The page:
[Ads-l] dihydrogen monoxide

ADSGarson O'Toole adsgarsonotoole at GMAIL.COM
Sun Mar 6 12:20:21 UTC 2016


Some students of Northwestern University used the phrase "drank
dihydrogen monoxide" in their 1910 yearbook in a humorous piece that
recounted the comical tale of a bacillus and a microbe travelling in a
human body.

The following excerpt probably contains OCR errors. It was difficult
to double-check because it contained deliberately misspelled words (or
typos from the printer).

Year: 1910
Title: The Syllabus - Northwestern Year Book
Volume 25
Publisher: T. R. Johnston for the Class of 1910 of Northwestern
University, Evanston, Illinois
Article Title: An Explanation of a Natural Phenomenon
Start Page 533, Quote Page 533
Database: HathiTrust Full View

http://hdl.handle.net/2027/uiuo.ark:/13960/t2w39dk0f
http://hdl.handle.net/2027/uiuo.ark:/13960/t2w39dk0f?urlappend=%3Bseq=537

[Begin excerpt]
To reach their destination they went by way of the Eustachion tube
which landed them close to the desired place. Before proceeding they
took time to elutriate the dust from their integument and to take
refreshments. In the shade of an arbor vitae cerebelli, they sat down,
one on a synonial fat pad and the other on an endocardial cushion.
>From optic cups they drank dihydrogen monoxide, and from ethmoidal
plates they ate fried Stenson's ducts and Adam's apples until their
tate huds refused to respond to the reflex centers in the midulla
oblongati. While seated hear music was heard and a debate was held as
to whether it was the Band of Baillanger or the Band of Meckel which
played.
[End excerpt]


In 1959 the term appeared in a textbook called "Modern Chemistry". It
was used without humor as an alternative chemical name for H2O.

Year: 1959
Title: Modern Chemistry
Authors: John F. Baxter and Luke E. Steiner
Volume 1
Note: Especially prepared for Continental classroom (television course)
Publisher: Prentice-Hall, Englewood Cliffs, New Jersey
Quote Page 43 and 44
Database: HathiTrust Full View

http://hdl.handle.net/2027/mdp.39015065704788
http://hdl.handle.net/2027/mdp.39015065704788?urlappend=%3Bseq=55

[Begin excerpt]
The advantage of a systematic name is that it indicates the formula of
a compound. Some names, such as water and sugar, which were in common
use before the composition of their compounds was known, are called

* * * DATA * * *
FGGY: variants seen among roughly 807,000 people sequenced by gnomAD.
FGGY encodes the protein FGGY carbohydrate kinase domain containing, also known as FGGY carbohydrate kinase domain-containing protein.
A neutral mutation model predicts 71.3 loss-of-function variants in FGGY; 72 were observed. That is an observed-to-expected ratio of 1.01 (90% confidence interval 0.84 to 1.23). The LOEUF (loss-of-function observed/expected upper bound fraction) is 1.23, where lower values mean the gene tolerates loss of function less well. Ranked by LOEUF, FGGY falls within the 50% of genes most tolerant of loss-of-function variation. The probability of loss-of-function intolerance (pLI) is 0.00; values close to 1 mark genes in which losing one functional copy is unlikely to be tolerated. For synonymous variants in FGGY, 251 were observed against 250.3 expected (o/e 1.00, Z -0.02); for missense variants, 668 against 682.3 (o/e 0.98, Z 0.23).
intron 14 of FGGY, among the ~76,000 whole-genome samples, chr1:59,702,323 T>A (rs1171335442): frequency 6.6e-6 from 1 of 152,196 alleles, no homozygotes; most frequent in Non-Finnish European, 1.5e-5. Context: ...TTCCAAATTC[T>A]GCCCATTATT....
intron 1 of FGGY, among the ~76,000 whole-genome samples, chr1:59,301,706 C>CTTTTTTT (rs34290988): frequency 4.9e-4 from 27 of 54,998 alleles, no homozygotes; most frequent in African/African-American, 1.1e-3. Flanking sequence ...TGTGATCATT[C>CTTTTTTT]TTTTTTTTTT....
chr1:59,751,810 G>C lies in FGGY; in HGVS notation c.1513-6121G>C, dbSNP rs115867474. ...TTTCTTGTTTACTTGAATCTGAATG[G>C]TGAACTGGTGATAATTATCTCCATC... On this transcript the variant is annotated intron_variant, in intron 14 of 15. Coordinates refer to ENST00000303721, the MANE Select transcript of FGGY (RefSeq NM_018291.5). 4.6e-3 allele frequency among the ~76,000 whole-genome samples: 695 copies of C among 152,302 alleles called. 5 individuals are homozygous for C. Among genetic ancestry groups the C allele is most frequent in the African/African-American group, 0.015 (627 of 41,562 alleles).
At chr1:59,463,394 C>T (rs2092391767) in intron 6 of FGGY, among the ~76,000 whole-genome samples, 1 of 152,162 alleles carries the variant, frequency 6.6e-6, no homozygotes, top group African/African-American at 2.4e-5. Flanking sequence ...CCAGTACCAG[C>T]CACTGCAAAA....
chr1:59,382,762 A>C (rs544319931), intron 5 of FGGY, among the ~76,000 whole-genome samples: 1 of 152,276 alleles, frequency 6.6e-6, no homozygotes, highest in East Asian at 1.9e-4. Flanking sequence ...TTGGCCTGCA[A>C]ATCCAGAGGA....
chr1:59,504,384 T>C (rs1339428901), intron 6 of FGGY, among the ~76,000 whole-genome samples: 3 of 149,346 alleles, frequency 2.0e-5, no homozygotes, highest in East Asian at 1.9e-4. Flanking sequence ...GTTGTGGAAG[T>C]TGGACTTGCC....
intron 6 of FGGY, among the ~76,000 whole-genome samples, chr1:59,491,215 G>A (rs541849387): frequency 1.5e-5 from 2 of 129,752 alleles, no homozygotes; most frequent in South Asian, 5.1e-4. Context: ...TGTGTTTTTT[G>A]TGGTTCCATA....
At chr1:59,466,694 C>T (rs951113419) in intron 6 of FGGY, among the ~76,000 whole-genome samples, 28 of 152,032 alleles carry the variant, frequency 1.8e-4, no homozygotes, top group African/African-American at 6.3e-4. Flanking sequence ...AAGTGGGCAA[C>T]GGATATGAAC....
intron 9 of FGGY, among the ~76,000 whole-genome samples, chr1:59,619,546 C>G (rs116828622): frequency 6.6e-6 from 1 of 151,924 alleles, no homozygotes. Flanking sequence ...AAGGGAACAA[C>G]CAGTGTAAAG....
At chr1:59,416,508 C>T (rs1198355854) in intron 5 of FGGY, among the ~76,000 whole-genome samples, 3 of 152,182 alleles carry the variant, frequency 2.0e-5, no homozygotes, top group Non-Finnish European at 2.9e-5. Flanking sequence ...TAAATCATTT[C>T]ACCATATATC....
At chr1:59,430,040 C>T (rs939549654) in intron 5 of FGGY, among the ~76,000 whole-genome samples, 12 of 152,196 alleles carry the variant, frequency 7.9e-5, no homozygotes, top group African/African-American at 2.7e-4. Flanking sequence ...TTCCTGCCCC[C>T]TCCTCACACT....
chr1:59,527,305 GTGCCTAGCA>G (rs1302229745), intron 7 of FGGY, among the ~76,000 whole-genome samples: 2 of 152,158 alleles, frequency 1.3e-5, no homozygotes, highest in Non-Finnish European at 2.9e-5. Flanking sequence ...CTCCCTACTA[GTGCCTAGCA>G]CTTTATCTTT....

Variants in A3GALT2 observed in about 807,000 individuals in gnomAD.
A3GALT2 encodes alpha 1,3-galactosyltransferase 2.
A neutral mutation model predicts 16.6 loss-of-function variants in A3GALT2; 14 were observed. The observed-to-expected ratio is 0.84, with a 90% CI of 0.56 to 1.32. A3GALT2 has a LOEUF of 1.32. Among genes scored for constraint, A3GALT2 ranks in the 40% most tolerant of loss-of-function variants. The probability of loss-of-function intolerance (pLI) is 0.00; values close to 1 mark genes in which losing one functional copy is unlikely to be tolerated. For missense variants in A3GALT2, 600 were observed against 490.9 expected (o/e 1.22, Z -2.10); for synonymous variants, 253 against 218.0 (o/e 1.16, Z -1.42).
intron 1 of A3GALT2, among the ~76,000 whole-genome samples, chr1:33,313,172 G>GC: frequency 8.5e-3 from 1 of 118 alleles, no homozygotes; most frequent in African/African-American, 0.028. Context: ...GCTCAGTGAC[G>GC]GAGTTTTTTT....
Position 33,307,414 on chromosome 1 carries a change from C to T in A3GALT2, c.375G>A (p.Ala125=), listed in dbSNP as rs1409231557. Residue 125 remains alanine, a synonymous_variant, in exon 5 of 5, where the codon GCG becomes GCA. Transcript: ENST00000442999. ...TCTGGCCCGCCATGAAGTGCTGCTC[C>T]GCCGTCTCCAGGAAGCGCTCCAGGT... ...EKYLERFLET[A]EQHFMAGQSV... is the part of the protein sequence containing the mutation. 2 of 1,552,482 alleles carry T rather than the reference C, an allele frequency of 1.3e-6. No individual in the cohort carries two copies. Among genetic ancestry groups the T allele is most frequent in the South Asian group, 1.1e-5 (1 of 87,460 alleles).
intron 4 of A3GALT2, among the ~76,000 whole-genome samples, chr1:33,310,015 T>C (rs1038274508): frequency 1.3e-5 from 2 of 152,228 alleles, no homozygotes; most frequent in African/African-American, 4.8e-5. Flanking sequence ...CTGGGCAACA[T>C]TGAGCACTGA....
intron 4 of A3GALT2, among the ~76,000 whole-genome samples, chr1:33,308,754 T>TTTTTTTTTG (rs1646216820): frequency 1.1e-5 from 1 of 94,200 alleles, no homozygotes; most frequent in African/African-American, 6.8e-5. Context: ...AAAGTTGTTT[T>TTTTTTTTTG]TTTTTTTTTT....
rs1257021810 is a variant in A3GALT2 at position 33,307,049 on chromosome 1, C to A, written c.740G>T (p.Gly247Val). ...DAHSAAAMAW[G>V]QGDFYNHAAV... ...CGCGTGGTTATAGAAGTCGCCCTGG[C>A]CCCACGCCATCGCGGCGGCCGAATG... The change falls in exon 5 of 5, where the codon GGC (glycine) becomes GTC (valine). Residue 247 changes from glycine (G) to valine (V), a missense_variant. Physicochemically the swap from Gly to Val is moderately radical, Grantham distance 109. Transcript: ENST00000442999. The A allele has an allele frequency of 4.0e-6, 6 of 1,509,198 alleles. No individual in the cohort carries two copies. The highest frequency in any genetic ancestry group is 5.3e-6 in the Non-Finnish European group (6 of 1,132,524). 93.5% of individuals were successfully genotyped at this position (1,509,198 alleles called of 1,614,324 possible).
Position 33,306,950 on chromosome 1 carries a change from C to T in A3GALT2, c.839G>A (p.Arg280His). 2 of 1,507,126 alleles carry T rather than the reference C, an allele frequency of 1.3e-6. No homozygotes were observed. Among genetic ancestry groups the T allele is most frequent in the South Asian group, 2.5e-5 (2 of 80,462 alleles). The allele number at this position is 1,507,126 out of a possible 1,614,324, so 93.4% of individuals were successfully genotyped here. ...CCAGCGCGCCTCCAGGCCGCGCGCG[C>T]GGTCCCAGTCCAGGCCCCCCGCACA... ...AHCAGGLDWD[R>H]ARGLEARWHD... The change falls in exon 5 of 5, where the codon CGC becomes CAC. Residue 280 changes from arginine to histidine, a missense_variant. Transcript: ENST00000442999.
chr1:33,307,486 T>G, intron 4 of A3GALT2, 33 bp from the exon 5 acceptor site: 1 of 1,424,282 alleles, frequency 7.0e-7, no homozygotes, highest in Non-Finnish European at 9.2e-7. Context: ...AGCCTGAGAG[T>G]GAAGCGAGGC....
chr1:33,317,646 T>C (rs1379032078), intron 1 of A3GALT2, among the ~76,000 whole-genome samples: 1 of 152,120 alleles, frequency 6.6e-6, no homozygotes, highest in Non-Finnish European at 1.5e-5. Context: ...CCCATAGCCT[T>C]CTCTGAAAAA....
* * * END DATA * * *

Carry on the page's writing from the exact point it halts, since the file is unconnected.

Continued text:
"trivial" names. The terms "hydrogen oxide," "dihydrogen oxide," or
"dihydrogen monoxide" are corresponding systematic names for water.
[End excerpt]


There is a match in Google books with a GB year if 1962 that shows the
phrase "crystals of dihydrogen monoxide" being used with humor.

Year: 1962 according to GB
Journal: National Safety Congress Transactions
Volume 1
Publisher: National Safety Congress (U.S.)
Quote Page GB 13
Database: Google Books Snippet View; data may be inaccurate and should
be verified on paper; searching for 1962 and 1963 yields snippets that
are compatible with the year 1962.

[Begin extracted text]
Also, proposed for inclusion is Cyclohexane, a -- 40 [degree] F flash
point liquid; Ethyl Alcohol, the hazards of which are well known to
many; they say it is somewhat hazardous with crystals of dihydrogen
monoxide and a little tonic water or vermouth, but then I'm not here
to repeat hearsay evidence.
[End extracted text]

Garson


On Sun, Mar 6, 2016 at 12:21 AM, Clai Rice <cxr1086 at louisiana.edu> wrote:
> ---------------------- Information from the mail header -----------------------
> Sender:       American Dialect Society <ADS-L at LISTSERV.UGA.EDU>
> Poster:       Clai Rice <cxr1086 at LOUISIANA.EDU>
> Subject:      Re: dihydrogen monoxide
> -------------------------------------------------------------------------------
>
> Memories can be tricky, but I'm pretty sure I remember "be careful, this dihydrogen monoxide burns" as a middle school joke exactly on par with "your epidermis is showing." That would have been between 1974-77.
>
> ----- Original Message -----
>> From: "Benjamin Barrett" <mail.barretts at GMAIL.COM>
>> Sent: Saturday, March 5, 2016 10:04:05 PM
>> Subject: dihydrogen monoxide
>>
>> I learned in chemistry that water is never referred to by its chemical name,
>> dihydrogen monoxide, but for some time now, people have been making spoof
>> warnings of the dangers of dihydrogen monoxide and posting them on social
>> media. Wiktionary (https://en.wiktionary.org/wiki/dihydrogen_monoxide
>> <https://en.wiktionary.org/wiki/dihydrogen_monoxide>) has this as a word and
>> Wikipedia has it as a hoax
>> (https://en.wikipedia.org/wiki/Dihydrogen_monoxide_hoax), dating it to 1983,
>> which is before I took chemistry. The Oxford Dictionary site does not have
>> this word.
>>
>> Benjamin Barrett
>> Formerly of Seattle, WA
>> ------------------------------------------------------------
>> The American Dialect Society - http://www.americandialect.org
>>
>
> ------------------------------------------------------------
> The American Dialect Society - http://www.americandialect.org

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